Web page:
Tuesday, July 2, 2013
Conspiracy theorists and some dangerous fallacies.
Basically, these two logical fallacies work together. The first is the so called Cum hoc ergo propter hoc in Latin. The second one is the Post hoc ergo propter hoc.
Cum hoc fallacy assumes that some events which occurred simultaneously are causally connected.
For the exo-fantasists and conspiracy fans, this is fundamental since it’s relatively easy to convince true believers that a meeting of economists in Paris and an accident in Stockholm are related and consequently show a giant international conspiracy in action.
In the post hoc fallacy, the first event is associated causally with the second as effect.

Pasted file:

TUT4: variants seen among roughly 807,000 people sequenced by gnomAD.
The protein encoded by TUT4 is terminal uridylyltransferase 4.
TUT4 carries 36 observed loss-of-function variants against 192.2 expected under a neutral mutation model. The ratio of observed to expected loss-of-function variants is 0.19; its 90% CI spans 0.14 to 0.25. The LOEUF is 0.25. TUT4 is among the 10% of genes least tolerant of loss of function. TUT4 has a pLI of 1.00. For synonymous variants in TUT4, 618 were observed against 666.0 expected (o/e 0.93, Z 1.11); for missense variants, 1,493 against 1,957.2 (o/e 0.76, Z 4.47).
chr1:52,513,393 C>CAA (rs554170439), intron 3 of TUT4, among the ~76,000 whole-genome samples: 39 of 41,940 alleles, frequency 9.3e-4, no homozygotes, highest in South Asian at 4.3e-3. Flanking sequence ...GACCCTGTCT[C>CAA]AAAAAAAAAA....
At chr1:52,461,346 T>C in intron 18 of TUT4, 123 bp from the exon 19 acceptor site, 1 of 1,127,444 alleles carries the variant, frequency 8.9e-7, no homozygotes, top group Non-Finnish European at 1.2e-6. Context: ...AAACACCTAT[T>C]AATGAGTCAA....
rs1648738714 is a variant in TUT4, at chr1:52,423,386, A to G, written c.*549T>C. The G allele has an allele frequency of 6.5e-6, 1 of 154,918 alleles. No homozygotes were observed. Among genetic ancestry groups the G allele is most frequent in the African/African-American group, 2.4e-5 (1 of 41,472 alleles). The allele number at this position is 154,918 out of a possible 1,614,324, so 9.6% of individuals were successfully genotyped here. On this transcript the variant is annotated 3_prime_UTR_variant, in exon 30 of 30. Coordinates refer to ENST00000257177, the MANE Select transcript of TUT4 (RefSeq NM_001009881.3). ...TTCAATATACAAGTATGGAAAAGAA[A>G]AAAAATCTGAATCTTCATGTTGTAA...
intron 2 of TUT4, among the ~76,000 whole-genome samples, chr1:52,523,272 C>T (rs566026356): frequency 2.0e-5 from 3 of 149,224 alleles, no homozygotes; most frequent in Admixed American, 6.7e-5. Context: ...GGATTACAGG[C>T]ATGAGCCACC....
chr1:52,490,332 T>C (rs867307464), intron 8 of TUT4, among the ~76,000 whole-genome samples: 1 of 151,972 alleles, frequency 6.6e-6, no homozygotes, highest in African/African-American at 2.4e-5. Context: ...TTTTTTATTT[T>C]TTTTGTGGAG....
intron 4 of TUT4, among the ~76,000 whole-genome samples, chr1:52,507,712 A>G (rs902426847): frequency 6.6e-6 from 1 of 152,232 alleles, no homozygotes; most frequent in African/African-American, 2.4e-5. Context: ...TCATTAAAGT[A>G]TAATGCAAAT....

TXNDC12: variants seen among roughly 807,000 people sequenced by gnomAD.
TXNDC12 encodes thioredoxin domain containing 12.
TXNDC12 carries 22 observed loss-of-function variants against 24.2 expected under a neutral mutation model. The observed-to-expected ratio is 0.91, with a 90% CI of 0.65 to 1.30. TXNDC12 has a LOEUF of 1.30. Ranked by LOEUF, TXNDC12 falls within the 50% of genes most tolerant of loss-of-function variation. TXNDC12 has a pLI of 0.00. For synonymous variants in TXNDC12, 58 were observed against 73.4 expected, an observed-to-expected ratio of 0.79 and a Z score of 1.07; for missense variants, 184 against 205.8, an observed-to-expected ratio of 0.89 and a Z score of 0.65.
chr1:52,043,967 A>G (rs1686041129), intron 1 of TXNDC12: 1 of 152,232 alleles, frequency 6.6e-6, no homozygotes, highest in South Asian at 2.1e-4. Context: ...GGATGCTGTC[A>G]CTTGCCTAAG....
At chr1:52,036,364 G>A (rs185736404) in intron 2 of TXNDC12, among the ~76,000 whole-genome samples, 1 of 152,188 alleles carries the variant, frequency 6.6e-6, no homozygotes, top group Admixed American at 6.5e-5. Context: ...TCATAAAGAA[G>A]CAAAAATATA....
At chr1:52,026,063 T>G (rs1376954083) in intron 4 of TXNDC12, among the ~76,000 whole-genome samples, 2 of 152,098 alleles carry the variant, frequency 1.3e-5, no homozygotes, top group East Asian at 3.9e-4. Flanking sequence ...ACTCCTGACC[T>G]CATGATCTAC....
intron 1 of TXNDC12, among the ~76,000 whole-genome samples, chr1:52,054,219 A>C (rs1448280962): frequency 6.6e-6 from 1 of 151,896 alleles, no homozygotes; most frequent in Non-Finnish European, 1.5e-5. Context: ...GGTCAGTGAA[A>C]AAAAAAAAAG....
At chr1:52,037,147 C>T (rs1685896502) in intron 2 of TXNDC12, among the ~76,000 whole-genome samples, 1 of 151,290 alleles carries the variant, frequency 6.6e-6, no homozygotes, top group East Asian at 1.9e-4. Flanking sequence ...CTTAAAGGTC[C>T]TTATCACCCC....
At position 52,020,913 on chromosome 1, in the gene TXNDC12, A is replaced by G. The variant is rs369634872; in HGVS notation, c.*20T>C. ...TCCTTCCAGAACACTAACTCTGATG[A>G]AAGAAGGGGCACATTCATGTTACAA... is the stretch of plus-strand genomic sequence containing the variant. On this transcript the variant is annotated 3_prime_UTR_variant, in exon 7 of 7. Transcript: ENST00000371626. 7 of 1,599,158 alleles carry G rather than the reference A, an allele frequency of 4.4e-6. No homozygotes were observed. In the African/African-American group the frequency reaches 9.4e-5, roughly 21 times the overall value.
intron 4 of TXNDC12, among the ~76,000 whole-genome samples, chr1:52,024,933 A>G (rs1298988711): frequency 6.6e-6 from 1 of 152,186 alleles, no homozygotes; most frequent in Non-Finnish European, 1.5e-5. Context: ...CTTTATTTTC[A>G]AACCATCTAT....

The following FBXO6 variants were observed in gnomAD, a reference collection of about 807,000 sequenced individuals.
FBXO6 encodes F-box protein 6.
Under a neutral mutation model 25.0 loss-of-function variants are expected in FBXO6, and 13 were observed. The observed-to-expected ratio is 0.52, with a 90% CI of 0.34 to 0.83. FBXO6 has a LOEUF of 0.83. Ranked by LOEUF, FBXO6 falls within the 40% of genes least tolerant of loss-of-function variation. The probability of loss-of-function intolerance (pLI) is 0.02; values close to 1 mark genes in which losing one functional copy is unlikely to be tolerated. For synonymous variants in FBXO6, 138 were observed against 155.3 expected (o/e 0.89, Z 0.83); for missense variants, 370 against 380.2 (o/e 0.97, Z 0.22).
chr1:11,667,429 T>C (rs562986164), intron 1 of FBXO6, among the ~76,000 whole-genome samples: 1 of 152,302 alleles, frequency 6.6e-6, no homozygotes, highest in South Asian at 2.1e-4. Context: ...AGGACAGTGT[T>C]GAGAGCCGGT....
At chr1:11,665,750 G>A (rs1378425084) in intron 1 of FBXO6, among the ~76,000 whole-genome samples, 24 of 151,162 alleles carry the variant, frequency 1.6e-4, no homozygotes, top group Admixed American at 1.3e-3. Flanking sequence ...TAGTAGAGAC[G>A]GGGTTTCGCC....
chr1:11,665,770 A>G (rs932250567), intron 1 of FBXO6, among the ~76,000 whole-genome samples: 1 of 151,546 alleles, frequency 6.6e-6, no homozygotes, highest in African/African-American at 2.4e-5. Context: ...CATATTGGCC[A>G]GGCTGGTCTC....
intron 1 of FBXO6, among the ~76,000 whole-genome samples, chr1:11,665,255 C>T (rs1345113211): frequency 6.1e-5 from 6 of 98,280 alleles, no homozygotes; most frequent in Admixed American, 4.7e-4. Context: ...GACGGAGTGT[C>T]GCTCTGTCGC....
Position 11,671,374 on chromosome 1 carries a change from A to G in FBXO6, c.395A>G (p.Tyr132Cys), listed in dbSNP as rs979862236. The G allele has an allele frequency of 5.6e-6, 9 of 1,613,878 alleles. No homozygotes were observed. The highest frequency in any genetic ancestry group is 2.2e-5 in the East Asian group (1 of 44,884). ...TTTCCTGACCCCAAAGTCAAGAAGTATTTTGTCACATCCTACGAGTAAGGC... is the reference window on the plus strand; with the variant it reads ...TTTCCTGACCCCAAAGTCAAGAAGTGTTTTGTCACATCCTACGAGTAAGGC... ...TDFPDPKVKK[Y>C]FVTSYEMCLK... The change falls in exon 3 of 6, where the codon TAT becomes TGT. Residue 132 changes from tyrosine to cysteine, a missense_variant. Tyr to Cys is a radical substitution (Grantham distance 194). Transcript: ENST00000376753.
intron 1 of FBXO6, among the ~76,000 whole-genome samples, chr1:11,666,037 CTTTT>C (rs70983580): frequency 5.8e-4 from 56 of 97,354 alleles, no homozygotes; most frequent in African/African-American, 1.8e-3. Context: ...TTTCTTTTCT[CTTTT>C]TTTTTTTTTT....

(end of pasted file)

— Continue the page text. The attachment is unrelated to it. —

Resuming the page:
The mythologist simply finds different events that are unrelated, and fallaciously associates them.
Since so many things happen all the time, it’s possible for the professional or amateur charlatan to associate different events and convince some people that these show the magnitude of the imaginary conspiracy.
If you analyze the structure of the conspiracy theories, you will find a massive utilization of cum hoc ergo propter hoc and post hoc ergo propter hoc fallacies.
It’s easy to convince some individuals that behind an earthquake or a crisis there are the invisible hands of secret societies or extraterrestrials.
Unfortunately, the conspiracy theorists are irresponsibly affecting the psychological balance and behavior of people with paranoid personalities that will easily believe these fallacies.
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